Custom Search
Shoes mask weaknesses, barefoot highlights strengths

Friday, 25 March 2011

Thoroughbreds and barefoot

For successful barefoot performance does the breed of horse matter?  Yes and no.  Yes because there is so much prejudice about certain breeds that it can make it harder for the carer to get the support they need.  No, because any breed of horse can and does go bare successfully.

There are common issues no matter what the breed:
  • Inappropriate diet
  • Not enough movement
  • Stress (usually not noticed)
  • Inadequate/unhelpful hoof care
Unfortunately all of the above are especially prevalent among Thoroughbreds.  They are fed cr*p from a very young age, frequently confined, subject to far too much far too young and are shod as babies.

So in terms of hoof health, a lot of TB's start on the bottom or near bottom rung - which of course makes their barefoot transition that bit more challenging.  Doesn't mean it can't be done, does mean it takes more commitment, knowledge, patience and time to do it.

We do have some shining examples in the UK - Simon Earle manages all his racehorses barefoot and the Apsley End Polo Team are bare too.

But probably the best examples are the ones we never get to hear about - the private individuals who quietly just get on with it for the sake of their horse. And here is just one - the transition process has just started (about Jan 2011) after many false dawns and multiple set backs.  (Otherwise known as grass.... and an abscess.) This horse has a way to go, but as the video shows, he is sound on concrete! (bare not booted).

And big hugs and much appreciation to the owner of this lad and the supporting crew for allowing these photos and video to be published.  I know their journey has been a long and hard one and all credit to them for sticking with it despite all the negative 'ear mites' they have had to suffer.

Fore Aug 2010

Fore March 2011

Hind Aug 2010

Hind March 2011


Jackie said...

My thoroughbred is sound and happy barefoot. We had some issues to begin with, because he didn't have any hoof care or good nutrition for at least two years before I got him. He's prone to thrush and abscessed a few times early on - but otherwise has been completely sound. He now gets a good barefoot trim every 4-5 weeks and is doing very well. He's sound over concrete and gravel and very sure footed.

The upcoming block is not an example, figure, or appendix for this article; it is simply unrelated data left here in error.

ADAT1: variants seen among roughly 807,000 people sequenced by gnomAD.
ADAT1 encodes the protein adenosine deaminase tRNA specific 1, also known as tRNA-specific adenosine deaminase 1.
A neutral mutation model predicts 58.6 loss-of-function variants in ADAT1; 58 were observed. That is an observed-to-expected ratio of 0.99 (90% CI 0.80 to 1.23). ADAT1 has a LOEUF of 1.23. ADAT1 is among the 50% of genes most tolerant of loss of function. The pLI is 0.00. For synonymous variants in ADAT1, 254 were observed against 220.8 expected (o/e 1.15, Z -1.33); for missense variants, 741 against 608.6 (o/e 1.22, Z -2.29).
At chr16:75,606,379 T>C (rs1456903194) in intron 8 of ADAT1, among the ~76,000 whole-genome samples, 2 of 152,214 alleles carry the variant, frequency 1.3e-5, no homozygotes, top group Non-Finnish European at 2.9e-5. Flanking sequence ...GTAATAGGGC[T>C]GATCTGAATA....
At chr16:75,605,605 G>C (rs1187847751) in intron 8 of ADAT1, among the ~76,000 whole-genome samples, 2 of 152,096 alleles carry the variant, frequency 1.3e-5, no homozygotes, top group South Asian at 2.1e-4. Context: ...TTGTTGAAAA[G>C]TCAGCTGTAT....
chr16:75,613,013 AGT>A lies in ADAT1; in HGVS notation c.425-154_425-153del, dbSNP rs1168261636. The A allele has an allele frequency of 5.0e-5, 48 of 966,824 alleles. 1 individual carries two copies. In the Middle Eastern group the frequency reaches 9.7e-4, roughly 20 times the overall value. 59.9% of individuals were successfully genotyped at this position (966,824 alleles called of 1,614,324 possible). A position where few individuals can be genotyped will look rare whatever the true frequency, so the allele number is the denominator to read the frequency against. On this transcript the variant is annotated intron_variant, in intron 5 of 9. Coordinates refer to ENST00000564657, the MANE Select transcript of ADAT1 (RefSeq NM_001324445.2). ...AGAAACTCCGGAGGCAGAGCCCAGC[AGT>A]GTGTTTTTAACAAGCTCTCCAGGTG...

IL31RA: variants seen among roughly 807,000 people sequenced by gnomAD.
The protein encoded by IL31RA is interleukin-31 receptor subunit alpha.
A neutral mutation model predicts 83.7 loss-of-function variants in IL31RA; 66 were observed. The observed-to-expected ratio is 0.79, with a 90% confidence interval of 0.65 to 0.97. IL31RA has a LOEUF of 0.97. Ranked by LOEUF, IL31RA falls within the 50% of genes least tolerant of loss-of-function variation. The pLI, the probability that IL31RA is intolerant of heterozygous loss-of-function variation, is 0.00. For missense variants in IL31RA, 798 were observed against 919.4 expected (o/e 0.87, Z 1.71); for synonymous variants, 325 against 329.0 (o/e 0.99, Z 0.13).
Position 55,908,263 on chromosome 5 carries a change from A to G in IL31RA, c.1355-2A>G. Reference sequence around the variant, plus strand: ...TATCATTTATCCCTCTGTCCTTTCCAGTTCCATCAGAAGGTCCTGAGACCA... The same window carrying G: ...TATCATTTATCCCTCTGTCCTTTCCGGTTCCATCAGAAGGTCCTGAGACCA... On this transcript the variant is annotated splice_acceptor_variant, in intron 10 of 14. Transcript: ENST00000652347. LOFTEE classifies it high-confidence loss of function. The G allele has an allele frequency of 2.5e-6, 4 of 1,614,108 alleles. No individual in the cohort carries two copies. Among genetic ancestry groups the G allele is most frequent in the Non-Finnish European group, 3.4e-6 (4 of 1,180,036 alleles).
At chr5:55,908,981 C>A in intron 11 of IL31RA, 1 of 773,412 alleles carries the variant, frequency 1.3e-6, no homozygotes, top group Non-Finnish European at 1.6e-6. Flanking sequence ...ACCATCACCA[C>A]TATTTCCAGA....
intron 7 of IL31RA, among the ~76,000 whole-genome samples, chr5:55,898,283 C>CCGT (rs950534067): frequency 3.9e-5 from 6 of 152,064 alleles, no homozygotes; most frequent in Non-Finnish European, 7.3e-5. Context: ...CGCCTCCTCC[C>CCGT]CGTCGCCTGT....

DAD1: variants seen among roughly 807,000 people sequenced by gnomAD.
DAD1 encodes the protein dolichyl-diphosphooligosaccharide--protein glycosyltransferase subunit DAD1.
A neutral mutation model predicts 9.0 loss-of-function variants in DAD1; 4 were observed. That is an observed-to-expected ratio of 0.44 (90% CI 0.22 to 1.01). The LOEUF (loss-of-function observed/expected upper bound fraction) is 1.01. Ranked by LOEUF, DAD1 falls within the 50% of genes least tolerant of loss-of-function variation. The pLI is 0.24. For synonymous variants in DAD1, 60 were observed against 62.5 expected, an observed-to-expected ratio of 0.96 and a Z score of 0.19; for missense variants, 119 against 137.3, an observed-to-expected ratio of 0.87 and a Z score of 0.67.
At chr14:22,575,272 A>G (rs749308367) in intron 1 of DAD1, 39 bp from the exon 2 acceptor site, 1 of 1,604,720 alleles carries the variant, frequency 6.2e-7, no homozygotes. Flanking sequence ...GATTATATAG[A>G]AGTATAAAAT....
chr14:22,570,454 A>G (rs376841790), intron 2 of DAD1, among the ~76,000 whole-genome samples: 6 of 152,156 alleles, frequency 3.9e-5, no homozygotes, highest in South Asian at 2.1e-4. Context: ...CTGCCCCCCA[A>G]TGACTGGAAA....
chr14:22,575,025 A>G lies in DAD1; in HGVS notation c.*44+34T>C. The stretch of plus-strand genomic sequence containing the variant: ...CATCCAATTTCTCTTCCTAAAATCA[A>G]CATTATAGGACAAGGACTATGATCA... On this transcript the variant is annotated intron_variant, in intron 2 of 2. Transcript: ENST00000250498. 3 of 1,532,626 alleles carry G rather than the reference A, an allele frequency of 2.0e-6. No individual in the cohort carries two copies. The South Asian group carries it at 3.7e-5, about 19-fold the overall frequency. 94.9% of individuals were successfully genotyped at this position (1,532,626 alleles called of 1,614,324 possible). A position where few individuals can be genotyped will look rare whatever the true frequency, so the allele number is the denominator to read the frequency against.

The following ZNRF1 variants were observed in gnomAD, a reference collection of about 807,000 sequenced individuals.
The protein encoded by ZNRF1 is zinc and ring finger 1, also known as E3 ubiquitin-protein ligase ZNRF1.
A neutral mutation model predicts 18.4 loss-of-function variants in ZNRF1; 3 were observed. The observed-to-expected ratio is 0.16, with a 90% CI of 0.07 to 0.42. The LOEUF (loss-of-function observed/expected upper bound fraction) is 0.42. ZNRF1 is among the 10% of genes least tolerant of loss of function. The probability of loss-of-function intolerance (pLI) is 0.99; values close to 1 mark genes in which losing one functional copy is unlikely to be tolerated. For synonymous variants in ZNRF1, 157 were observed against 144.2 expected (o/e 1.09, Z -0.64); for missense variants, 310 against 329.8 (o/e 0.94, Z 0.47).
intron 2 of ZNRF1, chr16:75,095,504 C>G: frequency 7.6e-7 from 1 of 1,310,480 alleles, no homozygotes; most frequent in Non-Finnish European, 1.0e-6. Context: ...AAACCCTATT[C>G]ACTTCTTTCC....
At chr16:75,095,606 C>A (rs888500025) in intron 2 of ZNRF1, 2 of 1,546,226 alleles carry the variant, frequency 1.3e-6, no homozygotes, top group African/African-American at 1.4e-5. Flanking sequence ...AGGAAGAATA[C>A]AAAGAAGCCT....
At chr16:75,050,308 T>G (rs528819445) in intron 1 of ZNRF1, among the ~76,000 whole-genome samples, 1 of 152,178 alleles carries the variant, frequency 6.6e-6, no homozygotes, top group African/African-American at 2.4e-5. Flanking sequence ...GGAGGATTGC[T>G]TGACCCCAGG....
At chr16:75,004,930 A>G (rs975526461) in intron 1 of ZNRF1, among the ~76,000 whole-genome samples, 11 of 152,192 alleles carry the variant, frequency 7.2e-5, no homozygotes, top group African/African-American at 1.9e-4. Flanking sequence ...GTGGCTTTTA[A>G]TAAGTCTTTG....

jenj said...

As the owner of an ex-racehorse (Quarter horse who looks like a TB), I always hear how my boy doesn't have good feet. It's so frustrating - it's like there's this instant prejudice against my horse's feet because he looks like a TB. Never mind that his feet are big with solid, thick walls and no cracks anywhere - because he looks like a TB, he must have crummy feet and therefore need shoes. ARGH!

Wolfie said...

Congrats to the owners for persevering. I see a lot of boarders where I am that feed their horses a lot of carrots, mints and apples as treats. Do you think that treating affects hoof quality?

Lucy Priory said...

jenj - isn't it so frustrating when peeps can't see past their own prejudice! Mind you do these people even know what a good hoof looks like?

Jackie - congrats with your TB! Pictures?

Wolfie - yes for some horses it can do

Dom said...

Thank you for posting this! I can't tell you how many times people have said, "I wish my horse could go barefoot, but it's a thoroughbred." Uh... last I checked, they're born barefoot just like other foals.

Lucy Priory said...

Hi Dom - the cynical old gal in me sometimes thinks peeps are just too damn lazy to change their way of thinking let alone how they manage their horses.

But maybe I'm just getting old! :-)

Karen Cox said...

My thoroughbred is barefoot/booted. We ride in Renegade boots. Last year we did the first 20 miles of the Fort Howes 35-mile Limited Distance "endurance" ride in Montana without boots, and the last 15 miles in boots. It took a few years to get to this point, but yes, Thoroughbreds CAN go barefoot. The key for us has been FREQUENT trimming.

Jackie said...

Lucy -

I don't have any recent pictures of his feet, but here is a post I did on his overall progression earlier this week:

You can see his body condition when I got him 2.5 years ago to now - and it will give you the idea how far his feet have come too. :)

Question for yah - the only minor lingering hoof issue we have right now is a small, lingering toe crack. It's only about an inch high and hairline in size. We had some issues with his heels going out of balance very quickly, so kept him on a 3-4 week trimming schedule. They are staying balanced well on their own now, and while the crack isn't getting worse it doesn't want to go away either. Any suggestions?

Sarah said...

I am just about to start my thoroughbreds transition to bare feet, this blog has really helped me gain the courage to do so, thank you!

About Me

My photo
Southern England, United Kingdom